Still lacking support, the Monday ultimatum appears to be off the table. But how long of an extension will be acceptable?
Compiled from Times wires
© St. Petersburg Times, published March 12, 2003
UNITED NATIONS -- Faced with little support, the Bush administration signaled Tuesday that it would accept a short extension of the proposed Monday deadline for Iraq to disarm.
The question of the day was how much more time would be acceptable.
Six countries that represent the key to a U.S. victory in the Security Council proposed a 45-day reprieve for Iraq. The Bush administration said it was willing to listen but wants a far shorter deadline.
Regardless, it said a vote will come by the end of this week.
At the United Nations, Britain and other nations worked frantically to come up with a compromise.
According to diplomats at the United Nations, Washington may agree to a plan demanding disarmament seven to 10 days after passage of a resolution.
Assuming a vote on Friday, that sets the ever shifting deadline back to sometime between March 20 and 24.
The Bush administration was dismissive of the proposal by Angola, Cameroon, Chile, Guinea, Mexico, and Pakistan to extend the deadline 45 days. "A nonstarter," said White House spokesman Ari Fleischer.
But it was not clear that those nations and the veto-holding permanent members would be willing to accept something less.
The substance of the British proposal was not made public, and there were indications it was still on the drawing board.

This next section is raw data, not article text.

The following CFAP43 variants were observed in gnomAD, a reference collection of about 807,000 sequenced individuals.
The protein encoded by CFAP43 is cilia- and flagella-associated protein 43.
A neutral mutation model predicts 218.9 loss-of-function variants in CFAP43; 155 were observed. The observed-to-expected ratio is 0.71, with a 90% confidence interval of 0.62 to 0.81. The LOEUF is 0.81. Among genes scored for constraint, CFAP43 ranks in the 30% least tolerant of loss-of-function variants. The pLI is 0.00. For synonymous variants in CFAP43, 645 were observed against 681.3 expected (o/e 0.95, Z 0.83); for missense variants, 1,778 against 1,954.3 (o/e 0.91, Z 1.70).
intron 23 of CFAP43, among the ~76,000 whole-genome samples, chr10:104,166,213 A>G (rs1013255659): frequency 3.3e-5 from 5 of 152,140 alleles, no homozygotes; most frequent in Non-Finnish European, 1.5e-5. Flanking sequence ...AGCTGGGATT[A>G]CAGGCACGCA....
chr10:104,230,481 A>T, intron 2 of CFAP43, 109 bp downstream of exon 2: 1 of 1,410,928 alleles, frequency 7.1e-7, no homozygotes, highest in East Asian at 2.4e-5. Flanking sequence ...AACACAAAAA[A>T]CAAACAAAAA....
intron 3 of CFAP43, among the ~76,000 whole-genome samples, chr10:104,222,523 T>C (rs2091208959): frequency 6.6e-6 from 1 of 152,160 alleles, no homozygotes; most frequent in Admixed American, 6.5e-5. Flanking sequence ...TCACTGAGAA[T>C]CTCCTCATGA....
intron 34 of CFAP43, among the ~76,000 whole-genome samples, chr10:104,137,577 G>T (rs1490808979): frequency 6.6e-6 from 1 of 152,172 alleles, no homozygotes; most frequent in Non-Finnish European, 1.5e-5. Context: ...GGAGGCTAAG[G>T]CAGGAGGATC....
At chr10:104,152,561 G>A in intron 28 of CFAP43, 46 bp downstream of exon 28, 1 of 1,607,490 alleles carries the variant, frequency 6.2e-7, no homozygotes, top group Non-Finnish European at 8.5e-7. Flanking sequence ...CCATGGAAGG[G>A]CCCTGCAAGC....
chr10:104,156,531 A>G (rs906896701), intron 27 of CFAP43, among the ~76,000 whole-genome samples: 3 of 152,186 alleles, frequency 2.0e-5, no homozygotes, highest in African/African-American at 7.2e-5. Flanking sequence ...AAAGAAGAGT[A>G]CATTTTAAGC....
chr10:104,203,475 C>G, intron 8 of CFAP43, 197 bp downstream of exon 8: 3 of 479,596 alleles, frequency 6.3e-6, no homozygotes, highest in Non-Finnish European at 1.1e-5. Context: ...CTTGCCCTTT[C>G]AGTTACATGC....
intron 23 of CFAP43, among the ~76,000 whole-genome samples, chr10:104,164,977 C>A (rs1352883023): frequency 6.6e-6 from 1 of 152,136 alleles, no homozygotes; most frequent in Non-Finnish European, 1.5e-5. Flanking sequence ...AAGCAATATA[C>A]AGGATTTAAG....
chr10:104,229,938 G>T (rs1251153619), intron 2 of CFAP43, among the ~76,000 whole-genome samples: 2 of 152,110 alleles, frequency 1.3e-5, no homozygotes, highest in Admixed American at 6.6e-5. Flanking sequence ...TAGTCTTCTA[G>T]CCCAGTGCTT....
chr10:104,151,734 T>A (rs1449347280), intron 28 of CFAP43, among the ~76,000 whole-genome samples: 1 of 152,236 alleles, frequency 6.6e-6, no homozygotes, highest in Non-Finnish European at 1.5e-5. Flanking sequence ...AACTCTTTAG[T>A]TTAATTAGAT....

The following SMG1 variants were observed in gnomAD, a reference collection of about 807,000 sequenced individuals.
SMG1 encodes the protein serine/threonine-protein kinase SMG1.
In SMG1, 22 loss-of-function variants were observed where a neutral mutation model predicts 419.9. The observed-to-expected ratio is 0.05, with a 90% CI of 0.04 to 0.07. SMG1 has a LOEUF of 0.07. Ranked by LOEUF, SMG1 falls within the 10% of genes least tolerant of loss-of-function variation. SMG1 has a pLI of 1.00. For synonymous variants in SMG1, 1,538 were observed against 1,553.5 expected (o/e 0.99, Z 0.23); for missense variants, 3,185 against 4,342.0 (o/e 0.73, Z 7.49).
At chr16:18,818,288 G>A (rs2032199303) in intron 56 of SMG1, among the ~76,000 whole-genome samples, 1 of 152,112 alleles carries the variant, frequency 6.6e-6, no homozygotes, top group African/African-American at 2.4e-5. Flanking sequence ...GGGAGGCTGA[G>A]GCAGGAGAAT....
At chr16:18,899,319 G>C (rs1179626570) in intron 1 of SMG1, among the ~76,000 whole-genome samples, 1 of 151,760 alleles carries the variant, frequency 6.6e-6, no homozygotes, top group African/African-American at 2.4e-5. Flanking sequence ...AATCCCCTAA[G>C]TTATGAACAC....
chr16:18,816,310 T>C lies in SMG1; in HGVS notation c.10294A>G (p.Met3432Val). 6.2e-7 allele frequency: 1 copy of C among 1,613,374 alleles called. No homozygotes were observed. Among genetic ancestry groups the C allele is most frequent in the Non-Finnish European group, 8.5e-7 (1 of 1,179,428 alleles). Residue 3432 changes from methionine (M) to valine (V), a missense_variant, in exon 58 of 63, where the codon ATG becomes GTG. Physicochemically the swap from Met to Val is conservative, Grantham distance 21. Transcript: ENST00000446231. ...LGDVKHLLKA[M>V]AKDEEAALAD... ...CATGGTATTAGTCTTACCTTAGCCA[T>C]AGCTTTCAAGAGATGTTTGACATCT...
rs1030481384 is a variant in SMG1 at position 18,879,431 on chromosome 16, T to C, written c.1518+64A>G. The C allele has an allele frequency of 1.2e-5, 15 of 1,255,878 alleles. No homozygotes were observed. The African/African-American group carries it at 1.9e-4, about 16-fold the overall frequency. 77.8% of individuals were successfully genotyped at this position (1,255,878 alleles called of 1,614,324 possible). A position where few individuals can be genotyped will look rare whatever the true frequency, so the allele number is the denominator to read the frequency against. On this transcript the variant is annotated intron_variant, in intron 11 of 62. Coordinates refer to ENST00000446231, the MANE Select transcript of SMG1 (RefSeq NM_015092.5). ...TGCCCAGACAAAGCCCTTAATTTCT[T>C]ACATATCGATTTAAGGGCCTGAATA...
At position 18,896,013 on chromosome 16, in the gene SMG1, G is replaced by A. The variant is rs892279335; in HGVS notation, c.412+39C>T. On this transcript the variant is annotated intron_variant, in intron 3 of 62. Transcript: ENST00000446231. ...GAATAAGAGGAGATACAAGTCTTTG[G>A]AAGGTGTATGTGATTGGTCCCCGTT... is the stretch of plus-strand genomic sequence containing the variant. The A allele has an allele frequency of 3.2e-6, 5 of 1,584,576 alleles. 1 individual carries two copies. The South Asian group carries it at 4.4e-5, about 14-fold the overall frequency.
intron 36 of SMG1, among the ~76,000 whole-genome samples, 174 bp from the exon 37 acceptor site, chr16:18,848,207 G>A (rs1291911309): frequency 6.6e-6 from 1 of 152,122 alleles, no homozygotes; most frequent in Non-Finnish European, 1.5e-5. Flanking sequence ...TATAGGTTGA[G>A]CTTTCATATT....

Generally, Hussein would have 10 days to prove Iraq has taken a "strategic decision" to disarm, which could be done with a series of tests or "benchmarks," council diplomats said. A close aide to Chilean President Richardo Lagos called it a checklist of about 12 items.
If that happens, a second phase would begin with more time to verify Iraq's full disarmament, they said, speaking to the Associated Press on condition of anonymity.
But a senior White House official said the time frame being circulated was shorter.
"The United Kingdom is in a negotiation and it's prepared to look at timelines and tests together," Britain's U.N. Ambassador Jeremy Greenstock told CNN. "But I'm pretty sure we're talking about action in March. Don't look beyond March."
Chile's Lagos said Monday that he can't support the current U.S. resolution. A close aide said Tuesday that Lagos thinks the Monday deadline is much too short and while he hasn't mentioned a new deadline, there has been talk of "two to three weeks."
France said Tuesday it was "open to dialogue" but will not budge on the fundamentals it has championed since the Iraq crisis started.
A day after threatening to veto any U.N. resolution authorizing force against Baghdad, Foreign Ministry spokesman Francois Rivasseau said France cannot cross a "red line" by allowing any resolution that contains an ultimatum or the automatic use of force against Baghdad.
Fleischer insisted the resolution would be put to a vote this week. But another senior administration official cast doubt on this, saying State Department officials are trying to convince the White House that it would be better to postpone the vote and avert a veto.
Despite doubts among some senior administration officials about the wisdom of forcing a vote if the United States is sure to lose, Fleischer said Bush wanted a vote even if it only made a symbolic point by forcing members of the council to go on the record supporting or opposing enforcement of previous U.N. demands that Iraq disarm.